What is tocilizumab and how is it used?
Tocilizumab is a type of drug called a biological therapy. In rheumatoid arthritis too much of a protein called IL-6 may be produced in the body.This can lead to tiredness, anaemia, inflammation and damage to bones, cartilage and soft tissues. Tocilizumab blocks the action of IL-6, reducing these effects. It isn’t a painkiller, but can modify the disease over a longer period. It may be 2–12 weeks before you notice an improvement.
Tocilizumab can be prescribed by a consultant rheumatologist for rheumatoid arthritis or juvenile idiopathic arthritis (JIA).
It may be the first biological therapy you receive, or you may have tried others first, such as an anti-TNF drug or rituximab.
Tocilizumab won’t be started if:
- your arthritis isn’t active
- you have an infection
- you haven’t first tried at least two disease-modifying antirheumatic drugs (DMARDs), such as methotrexate and hydroxychloroquine. Usually tocilizumab will be prescribed in combination with methotrexate.
Your doctor may decide not to prescribe tocilizumab if you’re pregnant or breastfeeding or if you have:
- a condition such as diabetes that makes you more prone to infection
- liver disease or abnormal liver function tests
- low levels of white blood cells (neutrophils) or platelets
- a history of intestinal ulcers or diverticulitis
or if you’ve had
- repeated or serious infections
Before starting tocilizumab you’ll havea chest x-ray and blood tests. Your doctor will check if you’ve previously been exposed to tuberculosis (TB),and you may need a course of treatment for latent (asymptomatic) TB before starting tocilizumab. You’ll also be checked for previous hepatitis infection, as tocilizumab may increase the risk of hepatitis being reactivated.
You’ll need further cholesterol checks and blood tests every 4–8 weeks while you’re on tocilizumab to monitor its effects.
When and how do I take tocilizumab?
Tocilizumab may be given:
- either through a drip into a vein (an intravenous infusion) which takes about an hour once every four weeks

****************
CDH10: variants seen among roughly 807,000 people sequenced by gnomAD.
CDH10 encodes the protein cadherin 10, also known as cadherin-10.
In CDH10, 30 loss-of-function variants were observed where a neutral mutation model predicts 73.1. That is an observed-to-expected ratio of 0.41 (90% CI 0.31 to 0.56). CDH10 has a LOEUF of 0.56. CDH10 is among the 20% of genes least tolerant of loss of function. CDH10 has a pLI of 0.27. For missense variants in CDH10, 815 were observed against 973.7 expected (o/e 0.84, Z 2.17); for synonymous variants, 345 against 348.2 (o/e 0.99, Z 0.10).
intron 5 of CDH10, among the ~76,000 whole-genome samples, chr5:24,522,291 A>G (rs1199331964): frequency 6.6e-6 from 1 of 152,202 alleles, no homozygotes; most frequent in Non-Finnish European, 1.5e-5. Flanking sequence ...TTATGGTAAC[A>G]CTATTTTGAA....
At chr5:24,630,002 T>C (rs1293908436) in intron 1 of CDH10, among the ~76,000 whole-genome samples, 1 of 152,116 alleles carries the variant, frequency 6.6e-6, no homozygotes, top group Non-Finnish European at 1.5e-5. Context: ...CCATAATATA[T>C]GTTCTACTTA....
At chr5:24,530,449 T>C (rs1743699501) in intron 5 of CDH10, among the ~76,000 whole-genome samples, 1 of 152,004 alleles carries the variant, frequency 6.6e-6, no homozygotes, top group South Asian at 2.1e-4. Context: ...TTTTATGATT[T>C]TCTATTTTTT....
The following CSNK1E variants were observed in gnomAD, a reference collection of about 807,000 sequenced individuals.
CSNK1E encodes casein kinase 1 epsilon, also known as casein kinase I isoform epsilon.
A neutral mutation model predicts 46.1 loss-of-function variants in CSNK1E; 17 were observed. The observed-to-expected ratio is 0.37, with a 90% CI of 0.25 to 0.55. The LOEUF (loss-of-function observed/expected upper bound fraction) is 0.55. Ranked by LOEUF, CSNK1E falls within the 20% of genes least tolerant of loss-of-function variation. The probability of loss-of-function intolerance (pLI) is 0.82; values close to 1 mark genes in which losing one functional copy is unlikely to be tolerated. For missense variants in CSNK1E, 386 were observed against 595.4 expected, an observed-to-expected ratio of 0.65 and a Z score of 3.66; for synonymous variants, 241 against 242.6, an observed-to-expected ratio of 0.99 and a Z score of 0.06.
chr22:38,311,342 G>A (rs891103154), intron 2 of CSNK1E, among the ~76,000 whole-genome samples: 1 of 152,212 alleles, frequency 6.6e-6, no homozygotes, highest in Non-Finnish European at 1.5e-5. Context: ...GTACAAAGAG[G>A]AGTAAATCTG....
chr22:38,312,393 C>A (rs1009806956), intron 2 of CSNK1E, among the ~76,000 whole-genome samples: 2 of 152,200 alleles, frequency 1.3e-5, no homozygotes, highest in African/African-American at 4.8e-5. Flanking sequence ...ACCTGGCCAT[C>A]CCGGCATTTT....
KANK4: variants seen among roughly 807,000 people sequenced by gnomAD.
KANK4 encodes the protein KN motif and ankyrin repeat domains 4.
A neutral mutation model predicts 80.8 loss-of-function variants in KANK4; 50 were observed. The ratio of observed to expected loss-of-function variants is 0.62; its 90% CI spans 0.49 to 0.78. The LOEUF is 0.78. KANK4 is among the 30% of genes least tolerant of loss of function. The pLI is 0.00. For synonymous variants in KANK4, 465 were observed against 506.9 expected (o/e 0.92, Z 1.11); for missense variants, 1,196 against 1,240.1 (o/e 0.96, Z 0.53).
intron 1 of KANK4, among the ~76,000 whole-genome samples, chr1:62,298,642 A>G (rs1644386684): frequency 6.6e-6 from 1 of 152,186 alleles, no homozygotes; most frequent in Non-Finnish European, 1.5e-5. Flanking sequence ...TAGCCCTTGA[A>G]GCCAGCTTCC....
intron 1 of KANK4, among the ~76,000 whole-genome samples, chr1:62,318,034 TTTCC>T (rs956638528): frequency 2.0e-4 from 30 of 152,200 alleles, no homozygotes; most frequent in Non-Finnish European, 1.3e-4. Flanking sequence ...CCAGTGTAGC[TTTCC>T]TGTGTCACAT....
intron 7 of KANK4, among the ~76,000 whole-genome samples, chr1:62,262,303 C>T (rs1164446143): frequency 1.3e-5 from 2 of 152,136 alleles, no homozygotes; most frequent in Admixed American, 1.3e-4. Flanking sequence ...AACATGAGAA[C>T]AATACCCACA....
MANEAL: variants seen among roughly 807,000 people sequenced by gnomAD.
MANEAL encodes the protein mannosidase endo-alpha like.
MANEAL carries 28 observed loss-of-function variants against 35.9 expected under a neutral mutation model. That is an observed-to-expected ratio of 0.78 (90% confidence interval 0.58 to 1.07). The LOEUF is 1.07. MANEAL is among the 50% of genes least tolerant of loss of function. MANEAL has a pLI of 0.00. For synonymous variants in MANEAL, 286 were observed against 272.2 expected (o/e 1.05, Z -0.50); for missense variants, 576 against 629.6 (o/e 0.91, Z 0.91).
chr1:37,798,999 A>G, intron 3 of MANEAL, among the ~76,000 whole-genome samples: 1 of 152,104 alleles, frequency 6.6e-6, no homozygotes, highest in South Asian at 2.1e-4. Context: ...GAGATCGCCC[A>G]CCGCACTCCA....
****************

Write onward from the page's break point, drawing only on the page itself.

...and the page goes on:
- or as an injection under the skin (a subcutaneous injection) once a week using a pre-filled syringe. You, your partner, or another member of your family can learn to give these injections.
If you’re already having infusions and wish to switch to injections you should speak to your rheumatology team – you’ll probably start your injections when your next infusion is due.
Because it’s a long-term treatment it’s important to keep taking tocilizumab (unless you have severe side-effects):
- even if it doesn’t seem to be working at first
- even when your symptoms start to improve (as this will help keep the disease under control).
Possible risks and side-effects
The most common side-effects aren’t usually serious – they include:
- a cough or sore throat, blocked or runny nose
- headaches or dizziness
- mouth ulcers
- eye inflammation (conjunctivitis)
- high blood pressure
- weight gain or swollen ankles
- skin rashes, infections or itching
- stomach irritation or abdominal pain
- inflammation around the drip site.
Tell your doctor or rheumatology nurse straight away if you have a reaction during or after an infusion or injection.
Tocilizumab can make you more likely to pick up infections. It can also make them harder to spot. Tell your doctor or rheumatology nurse if you develop a sore throat or fever, or have unexplained bruising, bleeding or paleness, or any other new symptoms that concern you. If any of these symptoms are severe, you should stop taking tocilizumab and see your doctor straight away.